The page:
A list of 36 of the best nonfiction books ever written about Jacksonville and the people who made it what it is today.
Looking to learn more about the history of our city? This list features some of The Jaxson’s favorites, covering topics ranging from the silent film era to the Great Fire to African American history. Many of these books can be found at Jacksonville booksellers including Chamblin Bookmine, Chamblin’s Uptown, San Marco Books, and BookMark Independent Bookstore, or local Barnes and Noble, Books-a-Million and Target stores.
A. Philip Randolph: A Biographical Portrait - by Jervis Anderson, Harcourt, Brace, Jovanovich, 1973 (first edition)
A leading figure in the early civil rights and labor movements, Asa Philip Randolph grew up on Jacksonville’s Eastside. He founded the Brotherhood of Sleeping Car Porters, the first predominantly black labor union, and in the 1940s fought hiring discrimination and segregation in the U.S. Military. In 1963 Philips and Bayard Rustin organized Martin Luther King’s March on Washington. Jervis Anderson’s biography includes a good history of Jacksonville from the perspective of a prominent citizen who lived there from 1891 to 1911.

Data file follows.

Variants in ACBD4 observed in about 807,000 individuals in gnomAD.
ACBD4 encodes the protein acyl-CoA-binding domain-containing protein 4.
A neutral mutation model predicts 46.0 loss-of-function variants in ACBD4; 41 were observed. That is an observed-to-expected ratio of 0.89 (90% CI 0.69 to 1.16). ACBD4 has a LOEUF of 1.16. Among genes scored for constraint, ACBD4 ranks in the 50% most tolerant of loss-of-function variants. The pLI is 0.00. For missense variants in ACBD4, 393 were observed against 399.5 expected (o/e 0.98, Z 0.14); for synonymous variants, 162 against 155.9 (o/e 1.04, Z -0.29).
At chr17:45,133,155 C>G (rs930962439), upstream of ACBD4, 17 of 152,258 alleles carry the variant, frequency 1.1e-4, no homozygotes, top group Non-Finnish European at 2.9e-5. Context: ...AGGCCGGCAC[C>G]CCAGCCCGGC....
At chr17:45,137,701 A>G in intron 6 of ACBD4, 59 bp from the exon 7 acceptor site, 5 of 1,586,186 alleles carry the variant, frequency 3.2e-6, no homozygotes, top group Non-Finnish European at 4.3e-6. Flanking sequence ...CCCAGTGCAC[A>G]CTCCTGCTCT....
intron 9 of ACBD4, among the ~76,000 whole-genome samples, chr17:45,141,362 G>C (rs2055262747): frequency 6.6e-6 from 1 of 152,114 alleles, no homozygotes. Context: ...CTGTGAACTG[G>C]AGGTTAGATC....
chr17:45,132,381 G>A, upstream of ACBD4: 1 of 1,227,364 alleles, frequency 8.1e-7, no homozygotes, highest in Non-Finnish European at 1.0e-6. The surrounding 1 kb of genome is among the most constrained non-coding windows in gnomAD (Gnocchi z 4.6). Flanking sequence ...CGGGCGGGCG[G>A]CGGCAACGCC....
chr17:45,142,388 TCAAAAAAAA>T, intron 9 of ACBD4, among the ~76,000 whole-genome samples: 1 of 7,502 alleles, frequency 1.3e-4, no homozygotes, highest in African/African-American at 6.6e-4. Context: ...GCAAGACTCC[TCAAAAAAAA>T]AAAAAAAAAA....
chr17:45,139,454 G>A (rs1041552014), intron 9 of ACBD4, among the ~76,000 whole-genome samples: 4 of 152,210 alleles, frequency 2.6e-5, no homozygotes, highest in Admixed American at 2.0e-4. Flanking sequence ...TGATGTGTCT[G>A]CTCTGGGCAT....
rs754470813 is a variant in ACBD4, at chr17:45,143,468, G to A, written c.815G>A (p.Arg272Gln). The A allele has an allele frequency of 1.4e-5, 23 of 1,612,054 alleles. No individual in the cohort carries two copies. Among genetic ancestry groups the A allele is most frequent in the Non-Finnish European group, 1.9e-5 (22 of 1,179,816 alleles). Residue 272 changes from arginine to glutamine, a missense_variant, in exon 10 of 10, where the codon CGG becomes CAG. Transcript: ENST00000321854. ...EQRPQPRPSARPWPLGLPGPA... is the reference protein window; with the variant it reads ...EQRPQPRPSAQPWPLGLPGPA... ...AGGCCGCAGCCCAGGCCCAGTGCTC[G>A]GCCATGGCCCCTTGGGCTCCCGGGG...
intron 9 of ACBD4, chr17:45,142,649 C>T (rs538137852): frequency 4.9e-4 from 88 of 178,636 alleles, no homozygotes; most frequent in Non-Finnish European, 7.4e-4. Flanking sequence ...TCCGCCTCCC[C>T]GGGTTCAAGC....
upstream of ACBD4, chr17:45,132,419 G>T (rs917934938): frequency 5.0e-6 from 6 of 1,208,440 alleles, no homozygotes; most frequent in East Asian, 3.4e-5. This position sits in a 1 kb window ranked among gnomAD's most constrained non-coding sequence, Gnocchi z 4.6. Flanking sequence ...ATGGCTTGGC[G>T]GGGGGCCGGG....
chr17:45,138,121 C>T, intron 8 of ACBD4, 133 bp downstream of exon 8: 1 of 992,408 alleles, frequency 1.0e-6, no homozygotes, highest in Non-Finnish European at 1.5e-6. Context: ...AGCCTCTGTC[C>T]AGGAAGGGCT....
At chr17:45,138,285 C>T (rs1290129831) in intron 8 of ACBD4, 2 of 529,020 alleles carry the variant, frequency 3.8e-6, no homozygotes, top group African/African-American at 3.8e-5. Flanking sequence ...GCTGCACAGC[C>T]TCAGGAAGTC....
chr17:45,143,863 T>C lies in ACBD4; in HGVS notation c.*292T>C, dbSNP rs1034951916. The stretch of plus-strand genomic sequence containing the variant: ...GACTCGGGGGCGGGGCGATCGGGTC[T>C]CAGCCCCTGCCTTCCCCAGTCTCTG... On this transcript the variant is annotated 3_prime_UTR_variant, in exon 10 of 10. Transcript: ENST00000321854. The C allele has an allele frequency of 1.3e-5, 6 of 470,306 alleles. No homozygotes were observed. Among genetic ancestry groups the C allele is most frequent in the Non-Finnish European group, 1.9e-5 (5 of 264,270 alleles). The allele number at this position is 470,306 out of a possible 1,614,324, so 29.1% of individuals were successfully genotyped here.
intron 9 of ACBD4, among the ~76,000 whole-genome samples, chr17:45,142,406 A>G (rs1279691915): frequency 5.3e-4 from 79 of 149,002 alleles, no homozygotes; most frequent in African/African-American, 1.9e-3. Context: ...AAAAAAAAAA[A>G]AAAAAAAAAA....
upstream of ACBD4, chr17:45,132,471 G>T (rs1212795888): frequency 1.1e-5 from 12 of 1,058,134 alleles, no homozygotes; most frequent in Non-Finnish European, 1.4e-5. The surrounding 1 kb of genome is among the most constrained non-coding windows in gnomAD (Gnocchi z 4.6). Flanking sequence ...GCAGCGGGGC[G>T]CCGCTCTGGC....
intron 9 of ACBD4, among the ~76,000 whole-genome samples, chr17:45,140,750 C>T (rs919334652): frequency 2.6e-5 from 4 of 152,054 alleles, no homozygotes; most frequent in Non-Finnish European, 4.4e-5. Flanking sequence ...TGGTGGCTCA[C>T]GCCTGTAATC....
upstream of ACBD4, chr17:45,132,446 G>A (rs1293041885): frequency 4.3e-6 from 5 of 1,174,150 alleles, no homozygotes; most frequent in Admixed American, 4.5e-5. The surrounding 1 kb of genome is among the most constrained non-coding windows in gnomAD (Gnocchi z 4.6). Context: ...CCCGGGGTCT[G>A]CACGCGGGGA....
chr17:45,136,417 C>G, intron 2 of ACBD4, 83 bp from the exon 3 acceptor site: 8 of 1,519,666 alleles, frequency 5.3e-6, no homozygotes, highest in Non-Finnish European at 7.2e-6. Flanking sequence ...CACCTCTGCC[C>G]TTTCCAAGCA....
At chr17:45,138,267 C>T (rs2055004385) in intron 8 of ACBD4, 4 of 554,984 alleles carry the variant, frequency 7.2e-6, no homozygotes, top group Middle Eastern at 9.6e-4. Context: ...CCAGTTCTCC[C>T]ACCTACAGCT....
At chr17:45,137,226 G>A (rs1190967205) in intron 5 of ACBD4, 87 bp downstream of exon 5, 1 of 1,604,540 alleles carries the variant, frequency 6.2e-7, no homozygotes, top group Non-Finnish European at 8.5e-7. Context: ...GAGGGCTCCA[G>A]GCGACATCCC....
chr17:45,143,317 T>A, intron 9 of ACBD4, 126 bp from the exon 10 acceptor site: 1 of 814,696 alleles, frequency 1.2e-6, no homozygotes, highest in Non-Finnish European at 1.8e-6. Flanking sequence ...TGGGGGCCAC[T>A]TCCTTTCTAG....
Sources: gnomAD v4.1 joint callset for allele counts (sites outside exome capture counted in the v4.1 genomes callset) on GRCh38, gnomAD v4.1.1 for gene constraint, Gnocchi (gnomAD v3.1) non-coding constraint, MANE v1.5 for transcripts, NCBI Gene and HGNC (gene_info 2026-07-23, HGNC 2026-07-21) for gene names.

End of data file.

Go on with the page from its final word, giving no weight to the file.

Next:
Keeping the Faith: Race, Politics, and Social Development in Jacksonville, Florida, 1940-1970 - by Abel A. Bartley, Praeger, 2000 (2nd edition)
This academic book discusses the massive changes Jacksonville experienced during the 1940s, 50s and 60s, which saw the expansion of civil rights and African-American political representation and, ultimately, Consolidation.